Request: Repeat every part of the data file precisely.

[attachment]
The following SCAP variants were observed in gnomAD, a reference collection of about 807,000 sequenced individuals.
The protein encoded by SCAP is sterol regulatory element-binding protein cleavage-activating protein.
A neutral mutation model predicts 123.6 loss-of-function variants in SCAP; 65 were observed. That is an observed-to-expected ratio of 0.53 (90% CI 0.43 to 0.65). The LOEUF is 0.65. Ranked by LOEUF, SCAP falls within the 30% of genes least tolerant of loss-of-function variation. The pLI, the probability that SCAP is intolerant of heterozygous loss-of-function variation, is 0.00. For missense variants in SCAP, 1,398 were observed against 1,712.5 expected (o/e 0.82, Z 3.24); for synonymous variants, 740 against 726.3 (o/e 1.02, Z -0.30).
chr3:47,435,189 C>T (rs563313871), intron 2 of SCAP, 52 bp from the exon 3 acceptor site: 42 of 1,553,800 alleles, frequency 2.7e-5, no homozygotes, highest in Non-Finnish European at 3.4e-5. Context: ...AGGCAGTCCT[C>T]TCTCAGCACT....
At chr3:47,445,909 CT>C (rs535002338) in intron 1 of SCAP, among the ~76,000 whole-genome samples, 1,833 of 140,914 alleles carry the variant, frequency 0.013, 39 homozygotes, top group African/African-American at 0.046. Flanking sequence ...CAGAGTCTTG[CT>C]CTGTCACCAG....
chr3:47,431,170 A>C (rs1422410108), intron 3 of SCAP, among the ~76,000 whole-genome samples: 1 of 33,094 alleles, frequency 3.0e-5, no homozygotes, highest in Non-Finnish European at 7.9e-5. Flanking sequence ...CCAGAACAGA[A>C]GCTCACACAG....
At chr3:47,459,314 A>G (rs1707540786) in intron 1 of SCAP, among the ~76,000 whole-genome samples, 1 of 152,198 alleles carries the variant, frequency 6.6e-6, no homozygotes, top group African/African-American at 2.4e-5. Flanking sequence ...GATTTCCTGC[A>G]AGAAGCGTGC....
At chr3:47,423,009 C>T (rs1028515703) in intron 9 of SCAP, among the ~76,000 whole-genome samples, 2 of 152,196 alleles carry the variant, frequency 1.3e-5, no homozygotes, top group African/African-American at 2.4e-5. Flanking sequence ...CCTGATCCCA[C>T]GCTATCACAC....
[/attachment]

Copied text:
The following SCAP variants were observed in gnomAD, a reference collection of about 807,000 sequenced individuals.
The protein encoded by SCAP is sterol regulatory element-binding protein cleavage-activating protein.
A neutral mutation model predicts 123.6 loss-of-function variants in SCAP; 65 were observed. That is an observed-to-expected ratio of 0.53 (90% CI 0.43 to 0.65). The LOEUF is 0.65. Ranked by LOEUF, SCAP falls within the 30% of genes least tolerant of loss-of-function variation. The pLI, the probability that SCAP is intolerant of heterozygous loss-of-function variation, is 0.00. For missense variants in SCAP, 1,398 were observed against 1,712.5 expected (o/e 0.82, Z 3.24); for synonymous variants, 740 against 726.3 (o/e 1.02, Z -0.30).
chr3:47,435,189 C>T (rs563313871), intron 2 of SCAP, 52 bp from the exon 3 acceptor site: 42 of 1,553,800 alleles, frequency 2.7e-5, no homozygotes, highest in Non-Finnish European at 3.4e-5. Context: ...AGGCAGTCCT[C>T]TCTCAGCACT....
At chr3:47,445,909 CT>C (rs535002338) in intron 1 of SCAP, among the ~76,000 whole-genome samples, 1,833 of 140,914 alleles carry the variant, frequency 0.013, 39 homozygotes, top group African/African-American at 0.046. Flanking sequence ...CAGAGTCTTG[CT>C]CTGTCACCAG....
chr3:47,431,170 A>C (rs1422410108), intron 3 of SCAP, among the ~76,000 whole-genome samples: 1 of 33,094 alleles, frequency 3.0e-5, no homozygotes, highest in Non-Finnish European at 7.9e-5. Flanking sequence ...CCAGAACAGA[A>C]GCTCACACAG....
At chr3:47,459,314 A>G (rs1707540786) in intron 1 of SCAP, among the ~76,000 whole-genome samples, 1 of 152,198 alleles carries the variant, frequency 6.6e-6, no homozygotes, top group African/African-American at 2.4e-5. Flanking sequence ...GATTTCCTGC[A>G]AGAAGCGTGC....
At chr3:47,423,009 C>T (rs1028515703) in intron 9 of SCAP, among the ~76,000 whole-genome samples, 2 of 152,196 alleles carry the variant, frequency 1.3e-5, no homozygotes, top group African/African-American at 2.4e-5. Flanking sequence ...CCTGATCCCA[C>T]GCTATCACAC....